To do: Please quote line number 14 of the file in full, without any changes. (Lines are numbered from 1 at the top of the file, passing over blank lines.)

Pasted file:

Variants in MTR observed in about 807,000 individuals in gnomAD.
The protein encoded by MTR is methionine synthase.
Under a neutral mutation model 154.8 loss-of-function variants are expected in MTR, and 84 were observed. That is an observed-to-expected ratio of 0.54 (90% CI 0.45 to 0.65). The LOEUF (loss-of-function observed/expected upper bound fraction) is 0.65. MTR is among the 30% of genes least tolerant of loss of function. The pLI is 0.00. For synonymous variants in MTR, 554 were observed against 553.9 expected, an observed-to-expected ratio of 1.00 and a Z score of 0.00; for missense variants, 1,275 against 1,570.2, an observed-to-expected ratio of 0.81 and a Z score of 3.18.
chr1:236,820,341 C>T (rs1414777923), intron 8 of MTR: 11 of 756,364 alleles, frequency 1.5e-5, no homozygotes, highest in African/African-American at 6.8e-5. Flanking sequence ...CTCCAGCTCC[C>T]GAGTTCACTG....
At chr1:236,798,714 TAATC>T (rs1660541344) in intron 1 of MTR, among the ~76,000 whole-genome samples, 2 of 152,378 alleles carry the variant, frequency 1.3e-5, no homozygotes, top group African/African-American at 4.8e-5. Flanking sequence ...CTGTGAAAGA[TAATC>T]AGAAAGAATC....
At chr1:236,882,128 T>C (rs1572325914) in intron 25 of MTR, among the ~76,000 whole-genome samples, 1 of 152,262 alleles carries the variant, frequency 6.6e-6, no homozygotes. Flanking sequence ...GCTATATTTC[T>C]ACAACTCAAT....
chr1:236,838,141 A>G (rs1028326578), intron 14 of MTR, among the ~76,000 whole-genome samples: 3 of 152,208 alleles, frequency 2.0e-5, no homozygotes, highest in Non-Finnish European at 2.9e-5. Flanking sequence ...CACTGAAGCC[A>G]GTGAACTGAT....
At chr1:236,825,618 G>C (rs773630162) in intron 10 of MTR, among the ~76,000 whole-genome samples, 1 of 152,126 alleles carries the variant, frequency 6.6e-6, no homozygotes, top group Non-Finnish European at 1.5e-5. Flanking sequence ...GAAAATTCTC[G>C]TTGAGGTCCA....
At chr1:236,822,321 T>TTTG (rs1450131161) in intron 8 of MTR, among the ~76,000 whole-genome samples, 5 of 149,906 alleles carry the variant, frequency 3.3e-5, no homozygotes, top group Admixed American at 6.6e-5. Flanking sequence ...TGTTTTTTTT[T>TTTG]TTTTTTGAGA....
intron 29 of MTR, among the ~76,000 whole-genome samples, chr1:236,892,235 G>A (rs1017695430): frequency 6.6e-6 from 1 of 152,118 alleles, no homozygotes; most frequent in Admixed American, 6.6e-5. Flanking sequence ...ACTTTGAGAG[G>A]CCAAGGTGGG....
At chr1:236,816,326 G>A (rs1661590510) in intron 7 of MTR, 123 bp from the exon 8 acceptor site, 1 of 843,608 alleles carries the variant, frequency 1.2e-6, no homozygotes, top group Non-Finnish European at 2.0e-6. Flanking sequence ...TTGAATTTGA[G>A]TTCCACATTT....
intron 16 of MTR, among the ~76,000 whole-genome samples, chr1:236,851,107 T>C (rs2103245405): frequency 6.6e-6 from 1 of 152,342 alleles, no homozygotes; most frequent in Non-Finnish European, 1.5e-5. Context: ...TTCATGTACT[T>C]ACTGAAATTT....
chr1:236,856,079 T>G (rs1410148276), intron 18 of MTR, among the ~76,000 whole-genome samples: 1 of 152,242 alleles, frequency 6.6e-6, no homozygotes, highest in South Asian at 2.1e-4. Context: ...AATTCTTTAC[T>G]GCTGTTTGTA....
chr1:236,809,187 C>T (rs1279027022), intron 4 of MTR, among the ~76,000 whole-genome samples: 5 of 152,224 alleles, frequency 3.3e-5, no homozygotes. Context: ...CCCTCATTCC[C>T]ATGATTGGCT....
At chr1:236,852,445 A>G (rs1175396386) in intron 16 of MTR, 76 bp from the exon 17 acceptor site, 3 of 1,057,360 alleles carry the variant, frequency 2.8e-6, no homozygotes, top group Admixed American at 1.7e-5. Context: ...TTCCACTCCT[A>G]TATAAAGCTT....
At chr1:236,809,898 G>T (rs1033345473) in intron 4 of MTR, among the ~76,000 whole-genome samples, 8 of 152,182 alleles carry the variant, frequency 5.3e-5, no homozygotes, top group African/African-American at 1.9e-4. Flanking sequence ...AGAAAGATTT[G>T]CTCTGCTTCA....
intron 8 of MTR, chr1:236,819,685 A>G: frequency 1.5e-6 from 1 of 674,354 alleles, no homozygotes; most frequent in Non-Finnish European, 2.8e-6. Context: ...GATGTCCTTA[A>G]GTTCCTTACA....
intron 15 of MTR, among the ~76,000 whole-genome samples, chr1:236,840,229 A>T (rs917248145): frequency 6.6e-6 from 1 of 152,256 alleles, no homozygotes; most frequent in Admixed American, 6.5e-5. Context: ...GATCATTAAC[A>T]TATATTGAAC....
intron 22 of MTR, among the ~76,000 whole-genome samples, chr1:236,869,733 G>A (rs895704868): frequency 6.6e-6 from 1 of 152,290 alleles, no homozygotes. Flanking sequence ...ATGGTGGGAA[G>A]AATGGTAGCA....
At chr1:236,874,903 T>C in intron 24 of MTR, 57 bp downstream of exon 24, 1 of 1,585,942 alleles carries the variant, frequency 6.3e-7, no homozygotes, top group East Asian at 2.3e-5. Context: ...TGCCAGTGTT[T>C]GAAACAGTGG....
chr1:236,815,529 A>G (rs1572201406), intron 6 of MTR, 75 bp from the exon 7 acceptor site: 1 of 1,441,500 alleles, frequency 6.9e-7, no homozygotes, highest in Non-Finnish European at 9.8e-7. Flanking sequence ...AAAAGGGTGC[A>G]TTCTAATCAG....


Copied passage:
chr1:236,809,187 C>T (rs1279027022), intron 4 of MTR, among the ~76,000 whole-genome samples: 5 of 152,224 alleles, frequency 3.3e-5, no homozygotes. Context: ...CCCTCATTCC[C>T]ATGATTGGCT....